Plants of
South Australia
Anthocercis angustifolia
Solanaceae
Narrow-leaf Ray-flower
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Regional Species Conservation Assessments per IBRA subregion.
Least concern
Near threatened
Rare
Vulnerable
Endangered
Critically endangered
Extinct
Data deficient
Adelaide
Arkaroola
Ceduna
Coober Pedy
Hawker
Innamincka
Marla
Marree
Mount Gambier
Oodnadatta
Renmark
Wudinna
Keith
Yunta
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Botanical art

Kath Alcock paintings: 2.

Etymology

Anthocercis from the Greek 'anthos', meaning a flower and 'kerkis', meaning a ray, referring to the narrow corolla lobes. Angustifolia from the Latin 'angustus' meaning narrow and 'folius' meaning a leaf, referring to the narrow leaves of this species.

Distribution and status

Endemic to South Australia and found in the Flinders Ranges and the southern Mount Lofty Ranges growing on steep rocky slopes on clay-loam; prolific particularly after fires. Native. Rare in South Australia.
Herbarium regions: Flinders Ranges, Northern Lofty, Southern Lofty
NRM regions: Adelaide and Mount Lofty Ranges, Northern and Yorke, South Australian Arid Lands
AVH map: SA distribution map (external link)

Plant description

An open erect shrub to 2 m tall, covered in fine hairs. Leaves linear, rarely narrowly elliptic to obovate; sessile, to 50 mm long and 6 mm wide (juvenile leaves larger); entire, pubescent, the lower leaves glabrescent. Flowers solitary; large white to creamy-yellow with five star-like petals. Flowering between May and November. Fruits are papery brown ovoid to pear-shaped capsule to 9 mm long, containing numerous seeds. Seeds are bean-shaped brown seeds to 3 mm long and covered with honeycomb depressions. Seed embryo type is linear fully developed.

Seed collection and propagation

Collect seeds between October and January. Collect maturing capsules, those that are turning brown with hard brown seeds inside. Monitor the plants as the capsules will dry, split and disperse the seeds in a short space of time. Using of a small bag (ie. Organza bags) to enclose the developing capsules will help to increase the chances of collecting sufficient viable seeds. Place the capsules in a tray and leave to dry for a week. Then gently rub the capsules by hand to dislodge the seeds. Use a sieve to separate the unwanted material. Store the seeds with a desiccant such as dried silica beads or dry rice, in an air tight container in a cool and dry place. From two collections, the seed viability was high at 100%. This species is generally difficult to germinate, it has physiological dormancy and complex germination requirements.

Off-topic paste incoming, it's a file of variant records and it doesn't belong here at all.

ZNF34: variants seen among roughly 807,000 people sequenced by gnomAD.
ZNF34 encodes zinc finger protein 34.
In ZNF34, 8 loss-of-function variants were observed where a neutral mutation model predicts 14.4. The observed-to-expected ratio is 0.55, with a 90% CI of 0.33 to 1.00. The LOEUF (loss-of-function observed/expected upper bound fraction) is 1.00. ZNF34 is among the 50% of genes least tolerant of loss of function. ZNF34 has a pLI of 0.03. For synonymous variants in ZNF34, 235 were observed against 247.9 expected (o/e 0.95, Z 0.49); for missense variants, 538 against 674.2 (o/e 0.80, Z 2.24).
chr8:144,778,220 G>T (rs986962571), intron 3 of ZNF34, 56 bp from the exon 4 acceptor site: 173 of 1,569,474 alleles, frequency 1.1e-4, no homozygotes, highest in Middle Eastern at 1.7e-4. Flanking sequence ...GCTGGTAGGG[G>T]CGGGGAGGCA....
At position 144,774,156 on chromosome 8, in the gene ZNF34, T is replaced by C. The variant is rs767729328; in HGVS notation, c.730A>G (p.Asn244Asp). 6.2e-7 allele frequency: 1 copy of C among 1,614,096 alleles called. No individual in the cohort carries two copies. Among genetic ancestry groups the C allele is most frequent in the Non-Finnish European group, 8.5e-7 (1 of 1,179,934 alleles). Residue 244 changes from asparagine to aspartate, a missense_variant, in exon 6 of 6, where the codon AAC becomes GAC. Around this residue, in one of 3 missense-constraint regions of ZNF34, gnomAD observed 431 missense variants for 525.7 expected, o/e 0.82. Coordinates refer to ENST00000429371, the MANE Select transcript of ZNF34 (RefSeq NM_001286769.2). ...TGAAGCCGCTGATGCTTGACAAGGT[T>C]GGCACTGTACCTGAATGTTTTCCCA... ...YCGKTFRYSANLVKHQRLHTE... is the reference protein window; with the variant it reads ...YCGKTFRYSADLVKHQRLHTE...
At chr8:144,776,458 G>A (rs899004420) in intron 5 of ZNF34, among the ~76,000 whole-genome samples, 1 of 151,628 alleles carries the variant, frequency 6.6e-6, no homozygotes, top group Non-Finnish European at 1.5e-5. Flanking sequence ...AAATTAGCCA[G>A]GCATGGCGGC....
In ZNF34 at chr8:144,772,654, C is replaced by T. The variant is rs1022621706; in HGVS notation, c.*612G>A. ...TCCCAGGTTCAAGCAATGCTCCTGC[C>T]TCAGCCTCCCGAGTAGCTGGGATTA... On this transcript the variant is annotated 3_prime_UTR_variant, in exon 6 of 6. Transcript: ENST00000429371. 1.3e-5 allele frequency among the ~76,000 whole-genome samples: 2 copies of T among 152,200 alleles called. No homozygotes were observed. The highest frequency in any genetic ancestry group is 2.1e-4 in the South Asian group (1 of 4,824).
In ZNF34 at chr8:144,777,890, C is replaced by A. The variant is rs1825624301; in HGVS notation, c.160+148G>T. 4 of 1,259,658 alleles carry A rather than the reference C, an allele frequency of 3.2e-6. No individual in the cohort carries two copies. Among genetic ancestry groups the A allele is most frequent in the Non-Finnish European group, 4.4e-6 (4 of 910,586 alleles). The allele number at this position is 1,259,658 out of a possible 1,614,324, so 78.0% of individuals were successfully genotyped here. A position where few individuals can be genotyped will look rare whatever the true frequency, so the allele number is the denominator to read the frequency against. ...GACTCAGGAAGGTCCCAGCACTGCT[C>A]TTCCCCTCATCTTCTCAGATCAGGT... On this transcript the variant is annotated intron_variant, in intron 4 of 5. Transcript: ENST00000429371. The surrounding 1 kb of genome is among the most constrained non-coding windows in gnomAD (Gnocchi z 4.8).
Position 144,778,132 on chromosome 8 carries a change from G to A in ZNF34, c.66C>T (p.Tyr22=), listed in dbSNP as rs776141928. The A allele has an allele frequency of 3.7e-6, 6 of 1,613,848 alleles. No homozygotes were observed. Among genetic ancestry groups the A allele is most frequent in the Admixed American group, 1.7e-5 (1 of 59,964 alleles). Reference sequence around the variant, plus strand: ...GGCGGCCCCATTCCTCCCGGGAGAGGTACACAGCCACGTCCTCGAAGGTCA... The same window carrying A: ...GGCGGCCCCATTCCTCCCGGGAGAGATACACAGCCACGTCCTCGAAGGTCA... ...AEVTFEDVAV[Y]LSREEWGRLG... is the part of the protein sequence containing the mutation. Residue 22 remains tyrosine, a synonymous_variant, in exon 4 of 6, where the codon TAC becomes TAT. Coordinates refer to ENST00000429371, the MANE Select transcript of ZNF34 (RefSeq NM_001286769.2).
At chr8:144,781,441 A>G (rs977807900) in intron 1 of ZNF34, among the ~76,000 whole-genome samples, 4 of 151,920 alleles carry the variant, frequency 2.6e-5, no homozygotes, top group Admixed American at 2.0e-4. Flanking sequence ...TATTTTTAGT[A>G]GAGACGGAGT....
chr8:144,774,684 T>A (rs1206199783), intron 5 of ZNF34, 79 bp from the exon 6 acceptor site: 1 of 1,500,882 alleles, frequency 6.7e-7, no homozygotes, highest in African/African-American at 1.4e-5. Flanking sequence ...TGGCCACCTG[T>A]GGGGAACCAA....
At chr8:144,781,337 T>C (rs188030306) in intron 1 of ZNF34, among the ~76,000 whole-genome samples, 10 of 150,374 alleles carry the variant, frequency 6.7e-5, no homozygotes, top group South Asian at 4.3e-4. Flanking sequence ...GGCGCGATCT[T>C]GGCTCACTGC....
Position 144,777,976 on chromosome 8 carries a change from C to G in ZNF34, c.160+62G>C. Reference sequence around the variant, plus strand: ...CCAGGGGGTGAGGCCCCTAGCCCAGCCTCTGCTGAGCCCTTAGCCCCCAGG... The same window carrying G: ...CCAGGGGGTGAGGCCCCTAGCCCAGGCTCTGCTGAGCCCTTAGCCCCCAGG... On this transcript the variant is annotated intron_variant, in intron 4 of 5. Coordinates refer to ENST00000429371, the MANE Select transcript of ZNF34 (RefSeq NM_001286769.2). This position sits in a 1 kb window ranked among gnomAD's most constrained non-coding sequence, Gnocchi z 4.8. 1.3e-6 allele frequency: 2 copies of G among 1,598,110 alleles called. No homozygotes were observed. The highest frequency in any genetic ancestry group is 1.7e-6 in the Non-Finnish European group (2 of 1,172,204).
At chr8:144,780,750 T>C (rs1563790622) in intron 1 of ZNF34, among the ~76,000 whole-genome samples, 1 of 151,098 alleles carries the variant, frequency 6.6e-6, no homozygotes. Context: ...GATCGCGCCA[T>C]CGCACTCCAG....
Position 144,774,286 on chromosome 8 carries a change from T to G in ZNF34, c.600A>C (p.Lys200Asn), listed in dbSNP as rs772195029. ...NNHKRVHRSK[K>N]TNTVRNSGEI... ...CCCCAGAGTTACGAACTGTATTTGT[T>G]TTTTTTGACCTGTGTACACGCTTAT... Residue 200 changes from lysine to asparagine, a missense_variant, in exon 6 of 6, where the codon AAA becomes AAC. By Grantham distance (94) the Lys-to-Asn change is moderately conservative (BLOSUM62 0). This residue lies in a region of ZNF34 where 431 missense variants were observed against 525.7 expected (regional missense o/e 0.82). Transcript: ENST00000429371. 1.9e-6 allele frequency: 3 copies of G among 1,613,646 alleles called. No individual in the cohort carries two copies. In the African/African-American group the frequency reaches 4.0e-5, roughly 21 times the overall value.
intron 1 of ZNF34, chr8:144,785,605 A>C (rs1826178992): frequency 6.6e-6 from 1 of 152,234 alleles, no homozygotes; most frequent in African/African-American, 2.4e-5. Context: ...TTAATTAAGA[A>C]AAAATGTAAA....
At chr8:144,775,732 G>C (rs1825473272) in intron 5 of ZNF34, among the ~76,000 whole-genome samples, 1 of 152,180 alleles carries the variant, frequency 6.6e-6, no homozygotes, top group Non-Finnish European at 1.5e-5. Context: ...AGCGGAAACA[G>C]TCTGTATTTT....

Seeds stored:
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LocationNo. of seeds
(weight grams)
Number
of plants
Date
collected
Collection number
Collection location
Date
stored
% ViabilityStorage
temperature
BGA 
MSB
4,500 (5.96 g)
4,500 (5.96 g)
30+10-Nov-2007TST182
Southern Lofty
19-Sep-2008100%+5°C, -18°C
BGA5,300 (7.48 g)40+22-Dec-2008KHB208
Southern Lofty
20-Jul-2009100%-18°C
Location: BGA — the seeds are stored at the Adelaide Botanic Gardens, MSB — the seeds are stored at the Millennium Seed Bank, Kew, England.
Number of plants: This is the number of plants from which the seeds were collected.
Collection location: The Herbarium of South Australia's region name.
% Viability: Percentage of filled healthy seeds determined by a cut test or x-ray.
Germination table:
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